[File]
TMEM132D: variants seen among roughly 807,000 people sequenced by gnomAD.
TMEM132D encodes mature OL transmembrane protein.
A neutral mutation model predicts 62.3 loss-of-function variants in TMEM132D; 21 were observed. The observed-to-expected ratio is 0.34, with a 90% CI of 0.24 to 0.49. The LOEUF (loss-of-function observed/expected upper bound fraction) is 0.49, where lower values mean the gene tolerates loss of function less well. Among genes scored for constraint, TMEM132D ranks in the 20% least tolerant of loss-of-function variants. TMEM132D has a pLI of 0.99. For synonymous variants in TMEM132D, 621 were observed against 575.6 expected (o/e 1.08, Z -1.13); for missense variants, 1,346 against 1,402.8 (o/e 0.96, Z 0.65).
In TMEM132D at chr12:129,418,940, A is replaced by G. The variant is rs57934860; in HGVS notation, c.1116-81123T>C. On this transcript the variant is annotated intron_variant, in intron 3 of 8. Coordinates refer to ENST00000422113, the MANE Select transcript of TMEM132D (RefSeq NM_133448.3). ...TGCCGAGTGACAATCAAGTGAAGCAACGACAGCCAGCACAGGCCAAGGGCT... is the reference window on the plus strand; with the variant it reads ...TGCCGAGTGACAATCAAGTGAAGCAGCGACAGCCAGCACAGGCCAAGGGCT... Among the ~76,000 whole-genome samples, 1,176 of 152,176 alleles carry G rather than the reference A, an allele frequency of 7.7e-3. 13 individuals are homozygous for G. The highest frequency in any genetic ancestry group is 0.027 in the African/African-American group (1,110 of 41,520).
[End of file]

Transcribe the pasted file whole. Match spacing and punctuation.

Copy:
TMEM132D: variants seen among roughly 807,000 people sequenced by gnomAD.
TMEM132D encodes mature OL transmembrane protein.
A neutral mutation model predicts 62.3 loss-of-function variants in TMEM132D; 21 were observed. The observed-to-expected ratio is 0.34, with a 90% CI of 0.24 to 0.49. The LOEUF (loss-of-function observed/expected upper bound fraction) is 0.49, where lower values mean the gene tolerates loss of function less well. Among genes scored for constraint, TMEM132D ranks in the 20% least tolerant of loss-of-function variants. TMEM132D has a pLI of 0.99. For synonymous variants in TMEM132D, 621 were observed against 575.6 expected (o/e 1.08, Z -1.13); for missense variants, 1,346 against 1,402.8 (o/e 0.96, Z 0.65).
In TMEM132D at chr12:129,418,940, A is replaced by G. The variant is rs57934860; in HGVS notation, c.1116-81123T>C. On this transcript the variant is annotated intron_variant, in intron 3 of 8. Coordinates refer to ENST00000422113, the MANE Select transcript of TMEM132D (RefSeq NM_133448.3). ...TGCCGAGTGACAATCAAGTGAAGCAACGACAGCCAGCACAGGCCAAGGGCT... is the reference window on the plus strand; with the variant it reads ...TGCCGAGTGACAATCAAGTGAAGCAGCGACAGCCAGCACAGGCCAAGGGCT... Among the ~76,000 whole-genome samples, 1,176 of 152,176 alleles carry G rather than the reference A, an allele frequency of 7.7e-3. 13 individuals are homozygous for G. The highest frequency in any genetic ancestry group is 0.027 in the African/African-American group (1,110 of 41,520).